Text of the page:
The Effect of Age on Hours of Sleep

By: Varsha Kanneganti, Janice Kao


Does age affect the amount of sleep you get on a work night?


Adults will have a greater amount of sleep than high schoolers' on an average work night.

Type of Investigation

This questionnaire was a comparative investigation.

Parts of the experiment

  1. Independent Variable: Age

  2. Dependent Variable: Hours of Sleep gotten

  3. Control: None

  4. Experimental Groups: adults (ages 19-up, both genders), high schoolers at CHS (ages 14-18, both genders)

  5. 2 Factors Held Constant: kind of night the sleep is gotten on (work night), the questionnaire questions

Data Tables

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T-Test Value: 0.02691108784

Bar Graphs

Bar Graph including Error Bars for ±2 SEM
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Bar Graph including Error Bars for Range
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This experiment illustrated that adults got more sleep than high schoolers on an average weeknight or work night. The average hours of sleep adults got each work night, approximately 7.7 hours, was larger than the average hours of the high schoolers, approximately 6.5 hours. When looking at the graph with the error bars depicting ± 2 standard errors of the mean, the error bars do overlap, but only by a small amount. Because the error bars do not overlap many of the same numbers, the independent variable, which was age, did affect the results. Additionally, when a t-test was conducted, the p-value gotten was 0.03. Because the p-value was below 0.05, there is at least a 95% confidence that the null hypothesis (age had no effect) is incorrect. Scientifically, as adults age, the slow-wave sleep stage that has the most restorative effects is replaced by a less restorative stage (Shaw). Because adults have a shortened restorative stage in sleep, their sleep tends to be less satisfying and restorative (Cicetti). Also, as people age, more health problems tend to interrupt the rhythm of their sleep; thus, adults sleep more to make up for the time lost from disruptions in sleep and to completely re-energize themselves (Shaw).

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The hypothesis was supported and the purpose was also achieved. In this experiment, adults did have a greater amount of sleep on an average work night.

Sources of Errors/Inaccuracies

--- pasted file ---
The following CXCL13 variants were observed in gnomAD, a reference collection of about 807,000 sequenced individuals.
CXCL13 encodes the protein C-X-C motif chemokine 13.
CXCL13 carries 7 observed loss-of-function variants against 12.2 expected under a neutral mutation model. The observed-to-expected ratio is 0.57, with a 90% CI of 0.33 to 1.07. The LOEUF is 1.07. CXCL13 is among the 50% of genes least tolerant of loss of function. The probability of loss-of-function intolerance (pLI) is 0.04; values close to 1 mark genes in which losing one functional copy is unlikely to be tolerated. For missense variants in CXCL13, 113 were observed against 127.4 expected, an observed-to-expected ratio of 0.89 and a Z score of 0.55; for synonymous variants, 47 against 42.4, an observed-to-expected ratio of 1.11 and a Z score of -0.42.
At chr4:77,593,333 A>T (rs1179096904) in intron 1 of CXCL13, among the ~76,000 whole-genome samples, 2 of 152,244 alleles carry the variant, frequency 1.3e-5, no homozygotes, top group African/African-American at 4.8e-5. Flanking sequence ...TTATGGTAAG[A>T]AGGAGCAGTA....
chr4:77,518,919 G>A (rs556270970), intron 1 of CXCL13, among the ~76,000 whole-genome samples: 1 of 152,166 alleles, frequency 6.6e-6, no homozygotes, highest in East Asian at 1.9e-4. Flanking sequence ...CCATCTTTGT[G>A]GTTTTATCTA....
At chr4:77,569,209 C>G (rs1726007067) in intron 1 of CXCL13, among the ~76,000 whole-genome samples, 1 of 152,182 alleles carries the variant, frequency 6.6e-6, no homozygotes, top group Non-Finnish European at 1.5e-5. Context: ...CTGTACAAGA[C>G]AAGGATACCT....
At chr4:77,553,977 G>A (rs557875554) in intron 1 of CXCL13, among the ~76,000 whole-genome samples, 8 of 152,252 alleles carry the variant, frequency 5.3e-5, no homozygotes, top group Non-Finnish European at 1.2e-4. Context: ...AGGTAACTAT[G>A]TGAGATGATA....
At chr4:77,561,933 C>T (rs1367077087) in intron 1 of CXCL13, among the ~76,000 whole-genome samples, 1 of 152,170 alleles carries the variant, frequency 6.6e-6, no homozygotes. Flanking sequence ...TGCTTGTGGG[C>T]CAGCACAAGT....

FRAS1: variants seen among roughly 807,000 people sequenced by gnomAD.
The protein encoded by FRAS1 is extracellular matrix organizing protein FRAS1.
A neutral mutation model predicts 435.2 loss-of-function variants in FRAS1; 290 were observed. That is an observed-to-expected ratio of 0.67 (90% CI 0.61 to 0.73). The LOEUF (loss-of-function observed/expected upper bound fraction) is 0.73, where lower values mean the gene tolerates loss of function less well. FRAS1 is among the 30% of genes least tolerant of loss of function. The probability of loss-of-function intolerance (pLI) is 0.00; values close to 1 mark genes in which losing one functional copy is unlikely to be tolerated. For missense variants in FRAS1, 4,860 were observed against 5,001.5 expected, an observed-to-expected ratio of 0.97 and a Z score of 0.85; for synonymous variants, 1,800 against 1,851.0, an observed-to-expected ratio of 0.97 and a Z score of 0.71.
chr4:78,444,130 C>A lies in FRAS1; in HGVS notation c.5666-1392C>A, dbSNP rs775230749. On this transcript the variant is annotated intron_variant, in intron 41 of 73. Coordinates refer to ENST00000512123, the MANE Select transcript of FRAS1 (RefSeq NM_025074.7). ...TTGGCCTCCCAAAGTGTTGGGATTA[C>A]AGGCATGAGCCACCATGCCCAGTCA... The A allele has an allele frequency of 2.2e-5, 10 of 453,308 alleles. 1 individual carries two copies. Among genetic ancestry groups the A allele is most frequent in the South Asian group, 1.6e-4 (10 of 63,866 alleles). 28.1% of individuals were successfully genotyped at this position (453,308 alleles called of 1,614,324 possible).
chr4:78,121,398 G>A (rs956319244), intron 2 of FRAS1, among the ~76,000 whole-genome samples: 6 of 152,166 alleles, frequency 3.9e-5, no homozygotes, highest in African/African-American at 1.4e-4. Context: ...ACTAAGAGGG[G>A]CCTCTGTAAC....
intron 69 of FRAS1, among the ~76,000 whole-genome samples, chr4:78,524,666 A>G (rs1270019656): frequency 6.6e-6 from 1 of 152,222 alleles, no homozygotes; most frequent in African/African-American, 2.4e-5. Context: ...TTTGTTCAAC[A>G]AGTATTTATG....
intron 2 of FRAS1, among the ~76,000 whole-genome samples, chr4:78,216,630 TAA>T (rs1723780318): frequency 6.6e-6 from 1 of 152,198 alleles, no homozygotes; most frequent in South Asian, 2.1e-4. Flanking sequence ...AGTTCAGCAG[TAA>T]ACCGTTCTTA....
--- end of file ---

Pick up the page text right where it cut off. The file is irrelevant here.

When doing this questionnaire, there were many steps; there was bound to be human error. One of the errors that stood out from the test subjects was the fact that they had to estimate the number of hours that they get to sleep on a work night. They may incorrectly recalled how many hours of sleep they got the other night. In addition, the data could have been more specific if we had asked them to time how many hours of sleep they got on a work night. Another error in collecting answers would have been a term called social desirability bias. Typically in surveys, social desirability bias may skew the results. Social desirability bias refers to the instance in self reports where people may report inaccurately to present themselves in the best light (Fisher). For example, high schoolers tend to think of it as a competition to say they’ve slept the least; thus, they may report themselves as sleeping only five hours each school night. Adults are also susceptible to the social desirability bias as well.


Cicetti, By Fred. "Do Older People Need More Sleep?" LiveScience. TechMedia Network, 10 May 2009. Web. 06 Sept. 2015. <>.

Fisher, R. J. (1993). “Social desirability bias and the validity of indirect questioning“. Journal of Consumer Research, 20, 303-315.

Rettner, Rachael. "Man Comfortably Sleeping in His Bed." Fox News. FOX News Network, 03 Aug. 2012. Web. 04 Sept. 2015. <>.

Shaw, Gina. "Adult Sleep Needs at Every Age: From Young Adults to the Elderly." WebMD. WebMD, n.d. Web. 03 Sept. 2015. <>.

Sleep deprivation. Digital image. Cfah. Cfah, n.d. Web. <>.